October 15, 2023



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ColeSmithey.comDedicated to “the Master of Suspense Alfred Hitchcock,” “Mel Brooks’s “High Anxiety” (1977) arrived as a polished comedy behind Brooks’s successful preceding spoofs, which included the Western genre (“Blazing Saddles”), James Whale’s “Frankenstein” (“Young Frankenstein”), and silent film comedies (“Silent Movie”). “High Anxeity” marked Brooks’s debut as a producer and his first speaking lead role—Brooks was appropriately tongue-tied in “Silent Movie.”


For the cinematographer responsible for emulating Hitchcock’s gifted director of photography Robert Burks, Brooks used the laudable Paul Lohmann, with whom he worked on “Silent Movie.” Lohmann’s compositional contributions to “High Anxiety” cannot be overstated. From start to finish, everything about the look of “High Anxiety” harkens to Hitchcock’s golden era of Technicolor films. Not-so-subtle visual references evince an amalgam of atmospheres from Hitchcock’s “North By Northwest,” “The Birds,” and most justifiably, “Vertigo.” A clever set piece attraction makes great fun of the unforgettable shower sequence from “Psycho.”


Mel Brooks is no Cary Grant, and he knows it. Purposefully playing against type, Brooks throws down the comic gauntlet as Dr. Richard Thorndyke, a height-fearing psychiatrist called upon to take over as the new head of The Psycho-Neurotic Institute for the Very, Very Nervous. Accompanied by his new assistant and chauffeur Brophy (Ron Carey), the jittery Dr. Thorndyke is greeted at the Northern California cliffside establishment by its devious staff members Dr. Montague (Harvey Korman) and Nurse Charlotte Diesel (Cloris Leachman). Nurse Diesel’s pointy-breasted white uniform and noticeable mustache is a tip-off to her double life as a dominatrix of questionable hygiene to Dr. Montague. “Too much bondage, not enough discipline” is Dr. Montague’s amusing complaint during the couple’s hilariously staged closet spanking session.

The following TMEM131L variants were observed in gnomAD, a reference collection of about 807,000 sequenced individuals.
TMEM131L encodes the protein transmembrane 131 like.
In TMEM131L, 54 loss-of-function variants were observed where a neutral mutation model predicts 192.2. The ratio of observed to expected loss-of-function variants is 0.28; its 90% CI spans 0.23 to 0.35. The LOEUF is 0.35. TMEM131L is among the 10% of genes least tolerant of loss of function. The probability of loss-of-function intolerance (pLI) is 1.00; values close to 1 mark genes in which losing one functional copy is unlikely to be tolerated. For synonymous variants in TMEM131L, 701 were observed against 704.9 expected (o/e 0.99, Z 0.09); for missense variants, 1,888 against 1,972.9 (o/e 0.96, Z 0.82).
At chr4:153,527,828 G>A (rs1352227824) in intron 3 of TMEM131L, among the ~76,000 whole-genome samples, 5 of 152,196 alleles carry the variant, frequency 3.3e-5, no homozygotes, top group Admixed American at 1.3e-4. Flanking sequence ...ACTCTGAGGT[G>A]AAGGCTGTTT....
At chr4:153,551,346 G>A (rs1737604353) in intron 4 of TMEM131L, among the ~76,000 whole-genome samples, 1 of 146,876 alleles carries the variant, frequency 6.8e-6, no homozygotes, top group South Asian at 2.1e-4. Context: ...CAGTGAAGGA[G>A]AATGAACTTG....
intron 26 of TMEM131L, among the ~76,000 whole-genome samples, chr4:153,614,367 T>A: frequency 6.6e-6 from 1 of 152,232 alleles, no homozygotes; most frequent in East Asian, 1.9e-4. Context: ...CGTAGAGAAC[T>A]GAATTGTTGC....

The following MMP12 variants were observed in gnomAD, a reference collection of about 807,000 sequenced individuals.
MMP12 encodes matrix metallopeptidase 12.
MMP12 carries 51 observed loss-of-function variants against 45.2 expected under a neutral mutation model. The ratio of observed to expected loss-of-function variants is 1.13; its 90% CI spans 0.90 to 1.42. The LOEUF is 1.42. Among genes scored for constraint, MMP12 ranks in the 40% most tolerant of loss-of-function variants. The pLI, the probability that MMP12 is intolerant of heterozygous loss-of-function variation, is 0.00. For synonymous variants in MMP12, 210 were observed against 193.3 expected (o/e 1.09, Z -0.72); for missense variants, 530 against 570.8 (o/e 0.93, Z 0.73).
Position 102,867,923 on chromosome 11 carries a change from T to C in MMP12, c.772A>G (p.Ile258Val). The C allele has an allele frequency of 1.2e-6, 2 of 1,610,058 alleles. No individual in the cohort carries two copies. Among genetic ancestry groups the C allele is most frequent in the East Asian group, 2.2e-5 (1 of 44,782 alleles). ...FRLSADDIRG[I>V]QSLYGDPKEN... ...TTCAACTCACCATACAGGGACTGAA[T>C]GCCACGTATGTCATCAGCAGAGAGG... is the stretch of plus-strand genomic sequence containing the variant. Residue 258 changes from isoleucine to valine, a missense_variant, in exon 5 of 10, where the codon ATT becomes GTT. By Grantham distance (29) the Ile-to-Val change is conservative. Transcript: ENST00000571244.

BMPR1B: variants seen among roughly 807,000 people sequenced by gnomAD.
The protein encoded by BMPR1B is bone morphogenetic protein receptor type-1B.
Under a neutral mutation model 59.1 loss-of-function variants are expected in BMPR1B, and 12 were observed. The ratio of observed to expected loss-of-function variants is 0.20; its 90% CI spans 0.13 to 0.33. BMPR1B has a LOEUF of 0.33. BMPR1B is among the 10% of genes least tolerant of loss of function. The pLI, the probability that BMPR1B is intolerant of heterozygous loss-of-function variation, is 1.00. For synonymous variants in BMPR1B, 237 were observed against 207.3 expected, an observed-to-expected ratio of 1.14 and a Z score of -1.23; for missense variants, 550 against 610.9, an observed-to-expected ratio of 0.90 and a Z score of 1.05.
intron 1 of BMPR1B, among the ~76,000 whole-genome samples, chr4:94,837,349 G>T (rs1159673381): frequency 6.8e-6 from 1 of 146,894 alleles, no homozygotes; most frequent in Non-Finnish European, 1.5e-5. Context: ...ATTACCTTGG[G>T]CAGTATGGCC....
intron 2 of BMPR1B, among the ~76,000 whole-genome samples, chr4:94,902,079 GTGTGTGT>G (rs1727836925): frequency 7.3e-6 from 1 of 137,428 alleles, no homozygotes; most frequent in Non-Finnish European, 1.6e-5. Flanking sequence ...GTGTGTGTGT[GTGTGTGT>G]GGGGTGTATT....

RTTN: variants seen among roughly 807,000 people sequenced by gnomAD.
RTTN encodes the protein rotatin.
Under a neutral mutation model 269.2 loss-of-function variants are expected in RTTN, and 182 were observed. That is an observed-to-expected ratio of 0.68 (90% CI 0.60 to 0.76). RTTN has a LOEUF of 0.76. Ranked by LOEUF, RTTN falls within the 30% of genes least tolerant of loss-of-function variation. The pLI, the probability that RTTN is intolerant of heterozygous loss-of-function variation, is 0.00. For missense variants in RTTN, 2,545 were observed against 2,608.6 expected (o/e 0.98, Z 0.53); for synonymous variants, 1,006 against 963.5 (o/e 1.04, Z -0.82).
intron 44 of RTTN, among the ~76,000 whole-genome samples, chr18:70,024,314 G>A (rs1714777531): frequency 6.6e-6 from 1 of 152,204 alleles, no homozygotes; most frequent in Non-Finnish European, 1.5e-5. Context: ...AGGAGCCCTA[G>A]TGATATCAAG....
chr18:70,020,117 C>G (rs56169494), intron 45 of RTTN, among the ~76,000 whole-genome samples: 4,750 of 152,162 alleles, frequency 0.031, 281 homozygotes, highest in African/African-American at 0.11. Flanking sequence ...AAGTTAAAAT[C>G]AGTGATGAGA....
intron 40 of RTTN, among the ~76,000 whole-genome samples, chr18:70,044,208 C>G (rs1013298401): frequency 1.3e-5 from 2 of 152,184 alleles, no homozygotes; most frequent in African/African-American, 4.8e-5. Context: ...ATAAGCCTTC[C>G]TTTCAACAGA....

As in Hitchcock’s films, murder plays a part in Brooks’s imaginative satire. Blasting rock music from a car radio causes a driver to expire from an ear hemorrhage. Complete with orange-tinted viscous blood, deaths occur with an amount of surprise that belies their comic context.


A speaking engagement before a psychiatric convention in San Francisco demands that Dr. Thorndyke stay at its skyscraper Hyatt Hotel where, despite his requests to the contrary, he’s placed in a room on the top floor. The “high-anxiety”-suffering doctor meets Victoria Brisbane (Madeline Kahn), the wealthy daughter to a peculiar patient at the institute. The couple strikes up a romantic relationship in light of their analogous proclivity for “blowing hot and cold.” Brooks and Kahn effortlessly play off one another to rib-tickling delight.


Mel Brooks’s flair for comic riffing against a stylized background of plot devices draws on a long tradition of spoof movies that date back to the first days of sound cinema. The Marx Brothers’ 1932 parody “Horse Feathers” is a prime example. Mel Brooks paved the way for the genre to be broken wide open three years later with a very special parody film called “Airplane!”

Rated PG. 94 mins.

5 StarsColeSmithey.com SHOCKTOBER!!!Cozy Cole



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